Whether you stumble upon a treasure while scuba diving or you seek to find an abandoned ship, the discovery of a shipwreck is exciting. The contents that are found are the remnants of an ocean journey that went wrong. If the vessel had long ago been abandoned by its owners then the law of finds may apply and the discoverers of the shipwreck may be entitled to its riches. However, those who discover shipwrecks should be aware of the steps that they should take if they are fortunate enough to make a discovery.
Notify the U.S. Authorities
Assuming that the shipwreck has long been abandoned and that the owners of the shipwreck no longer have any claims to the contents buried in the sea, the discoverers of the shipwreck should contact the U.S. Marshal or Coast Guard to notify the government of the discovery.
Determine the Location of the Shipwreck
In 1987, the United States enacted a law called the Abandoned Shipwreck Act. The law was a response to treasure hunters who found and took shipwrecked property off the Coast of the United States and in the Great Lakes. The law clarified that shipwrecks which were embedded in a State’s submerged land or shipwrecks that were located in a State’s submerged land and deemed historical were the property of the State and not of the discoverer. The area which is part of a State’s submerged land varies is a matter of state law and varies from state to state. Many states define their submerged land jurisdiction as extending three nautical miles from the coast line.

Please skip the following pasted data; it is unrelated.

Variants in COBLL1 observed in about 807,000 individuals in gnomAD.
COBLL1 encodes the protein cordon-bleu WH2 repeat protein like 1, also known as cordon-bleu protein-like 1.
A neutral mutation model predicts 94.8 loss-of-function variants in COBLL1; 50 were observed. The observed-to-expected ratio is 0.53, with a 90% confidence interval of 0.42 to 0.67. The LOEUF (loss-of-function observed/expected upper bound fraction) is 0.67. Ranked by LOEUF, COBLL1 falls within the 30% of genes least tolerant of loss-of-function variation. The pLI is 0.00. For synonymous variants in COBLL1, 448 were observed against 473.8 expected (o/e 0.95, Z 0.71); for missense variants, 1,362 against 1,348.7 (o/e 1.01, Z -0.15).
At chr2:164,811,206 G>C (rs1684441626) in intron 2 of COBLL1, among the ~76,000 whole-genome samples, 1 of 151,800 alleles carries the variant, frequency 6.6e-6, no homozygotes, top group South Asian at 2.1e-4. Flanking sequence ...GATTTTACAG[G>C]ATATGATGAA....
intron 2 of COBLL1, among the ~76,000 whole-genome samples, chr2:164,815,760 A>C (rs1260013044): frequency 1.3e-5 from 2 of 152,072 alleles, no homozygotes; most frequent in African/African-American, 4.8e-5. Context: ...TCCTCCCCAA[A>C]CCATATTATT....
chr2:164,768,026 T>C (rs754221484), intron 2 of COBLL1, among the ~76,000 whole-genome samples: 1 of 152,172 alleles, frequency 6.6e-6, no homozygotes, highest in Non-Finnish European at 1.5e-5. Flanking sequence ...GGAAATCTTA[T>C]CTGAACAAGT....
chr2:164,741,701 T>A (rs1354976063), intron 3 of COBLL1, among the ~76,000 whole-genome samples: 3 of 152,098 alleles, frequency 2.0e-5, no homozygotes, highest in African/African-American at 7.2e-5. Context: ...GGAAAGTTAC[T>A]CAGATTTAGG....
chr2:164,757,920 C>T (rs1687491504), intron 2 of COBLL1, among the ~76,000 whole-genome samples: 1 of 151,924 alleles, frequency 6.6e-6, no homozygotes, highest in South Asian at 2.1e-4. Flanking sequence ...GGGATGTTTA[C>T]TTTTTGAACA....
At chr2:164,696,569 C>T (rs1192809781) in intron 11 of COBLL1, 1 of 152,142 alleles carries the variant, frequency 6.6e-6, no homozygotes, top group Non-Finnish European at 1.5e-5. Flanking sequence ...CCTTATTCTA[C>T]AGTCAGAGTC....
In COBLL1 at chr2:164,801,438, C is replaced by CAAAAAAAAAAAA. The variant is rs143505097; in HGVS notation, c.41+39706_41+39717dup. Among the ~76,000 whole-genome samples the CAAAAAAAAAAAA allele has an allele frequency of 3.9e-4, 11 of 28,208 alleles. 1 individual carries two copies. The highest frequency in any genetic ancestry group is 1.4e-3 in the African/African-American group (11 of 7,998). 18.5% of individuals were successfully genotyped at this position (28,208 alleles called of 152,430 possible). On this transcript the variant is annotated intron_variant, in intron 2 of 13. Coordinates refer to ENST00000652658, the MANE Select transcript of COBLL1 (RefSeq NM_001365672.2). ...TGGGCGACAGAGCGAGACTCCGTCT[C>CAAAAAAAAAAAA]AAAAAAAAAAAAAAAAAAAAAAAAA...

If the shipwreck is located within a State’s submerged land and qualifies as state property under the Abandoned Shipwreck Act then the discoverer is not entitled to any of the property that is found unless the State decides otherwise.
If, however, the shipwreck was found outside of the territorial waters of any state then the general maritime rules concerning the discovery of a shipwreck apply and the discoverers may be entitled to keep the contents of the shipwreck.
Be Prepared To Defend Your Claim
Anyone who discovers a shipwreck should be prepared to defend the property that was found in a court of law. For example, if the owners find out that the shipwreck had been discovered then they might try to regain possession of the property that was found. The discoverers need to be prepared to argue that the shipwreck had been abandoned for a period of years and that the owners were not actively trying to recover their loss. If the discoverers cannot prove abandonment then they are unlikely to be legally entitled to the property that was found. Instead the law of salvage would apply and if the discovers are determined to be salvors then they may be entitled to a percentage of the property recovered.
The general rule of finders keepers is one that many underwater discoverers would like to apply and many times they can. However, all underwater discoverers should take the steps outlined above to make sure that they have the legal right to take title to the property found under the water.
Speak to an Experienced Maritime Law Attorney Today
This article is intended to be helpful and informative. But even common legal matters can become complex and stressful. A qualified maritime lawyer can address your particular legal needs, explain the law, and represent you in court. Take the first step now and contact a local maritime attorney to discuss your specific legal situation.
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